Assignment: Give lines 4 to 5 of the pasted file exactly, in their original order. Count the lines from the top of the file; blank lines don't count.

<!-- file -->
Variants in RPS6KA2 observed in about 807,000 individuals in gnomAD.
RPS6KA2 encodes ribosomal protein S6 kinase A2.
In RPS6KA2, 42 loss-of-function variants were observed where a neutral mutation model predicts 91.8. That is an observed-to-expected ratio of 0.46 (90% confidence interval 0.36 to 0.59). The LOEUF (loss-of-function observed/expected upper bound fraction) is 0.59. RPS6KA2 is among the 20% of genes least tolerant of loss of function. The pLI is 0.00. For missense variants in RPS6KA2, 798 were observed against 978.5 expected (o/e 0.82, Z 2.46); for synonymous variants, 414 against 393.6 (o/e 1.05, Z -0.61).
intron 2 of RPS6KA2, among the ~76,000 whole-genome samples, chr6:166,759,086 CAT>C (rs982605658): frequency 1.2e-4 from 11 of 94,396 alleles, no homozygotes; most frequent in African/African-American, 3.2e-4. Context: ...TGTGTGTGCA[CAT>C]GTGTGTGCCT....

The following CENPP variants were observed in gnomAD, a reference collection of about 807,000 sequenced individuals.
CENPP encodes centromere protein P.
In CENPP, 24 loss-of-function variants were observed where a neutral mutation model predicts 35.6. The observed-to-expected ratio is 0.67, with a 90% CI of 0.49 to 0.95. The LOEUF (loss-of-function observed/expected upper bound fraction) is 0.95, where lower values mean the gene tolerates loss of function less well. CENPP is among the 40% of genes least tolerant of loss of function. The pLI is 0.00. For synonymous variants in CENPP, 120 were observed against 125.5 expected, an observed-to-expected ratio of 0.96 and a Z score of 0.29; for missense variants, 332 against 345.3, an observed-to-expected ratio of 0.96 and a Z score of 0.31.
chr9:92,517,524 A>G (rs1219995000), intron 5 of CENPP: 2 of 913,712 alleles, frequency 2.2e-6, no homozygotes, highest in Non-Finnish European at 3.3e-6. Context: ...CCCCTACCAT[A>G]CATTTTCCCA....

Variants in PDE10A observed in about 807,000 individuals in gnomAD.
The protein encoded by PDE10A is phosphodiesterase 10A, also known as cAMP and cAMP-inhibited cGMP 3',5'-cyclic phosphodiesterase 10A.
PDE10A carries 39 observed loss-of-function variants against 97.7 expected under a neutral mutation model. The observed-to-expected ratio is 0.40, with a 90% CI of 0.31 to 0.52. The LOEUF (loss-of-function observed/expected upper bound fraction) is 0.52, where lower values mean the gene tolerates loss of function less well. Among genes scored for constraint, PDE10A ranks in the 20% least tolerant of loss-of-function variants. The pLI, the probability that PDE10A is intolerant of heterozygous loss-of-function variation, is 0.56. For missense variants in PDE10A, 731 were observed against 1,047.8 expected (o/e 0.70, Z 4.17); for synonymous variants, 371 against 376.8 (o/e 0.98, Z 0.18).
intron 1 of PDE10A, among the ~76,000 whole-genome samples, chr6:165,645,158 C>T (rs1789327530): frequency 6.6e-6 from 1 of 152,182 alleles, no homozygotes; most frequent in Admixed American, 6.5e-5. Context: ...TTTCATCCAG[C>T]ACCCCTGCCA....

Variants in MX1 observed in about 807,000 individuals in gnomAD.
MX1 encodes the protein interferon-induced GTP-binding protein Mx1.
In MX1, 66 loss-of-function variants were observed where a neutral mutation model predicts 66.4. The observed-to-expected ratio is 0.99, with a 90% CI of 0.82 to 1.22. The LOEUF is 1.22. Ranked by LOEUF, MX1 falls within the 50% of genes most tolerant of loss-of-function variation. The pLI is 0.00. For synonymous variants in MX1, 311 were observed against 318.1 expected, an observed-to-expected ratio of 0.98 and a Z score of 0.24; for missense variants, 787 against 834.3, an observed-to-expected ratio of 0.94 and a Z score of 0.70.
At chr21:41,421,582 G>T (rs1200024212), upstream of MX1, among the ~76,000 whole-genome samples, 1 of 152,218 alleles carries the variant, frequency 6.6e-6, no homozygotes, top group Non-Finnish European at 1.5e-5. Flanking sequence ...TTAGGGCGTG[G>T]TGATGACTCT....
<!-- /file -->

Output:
intron 2 of RPS6KA2, among the ~76,000 whole-genome samples, chr6:166,759,086 CAT>C (rs982605658): frequency 1.2e-4 from 11 of 94,396 alleles, no homozygotes; most frequent in African/African-American, 3.2e-4. Context: ...TGTGTGTGCA[CAT>C]GTGTGTGCCT....

The following CENPP variants were observed in gnomAD, a reference collection of about 807,000 sequenced individuals.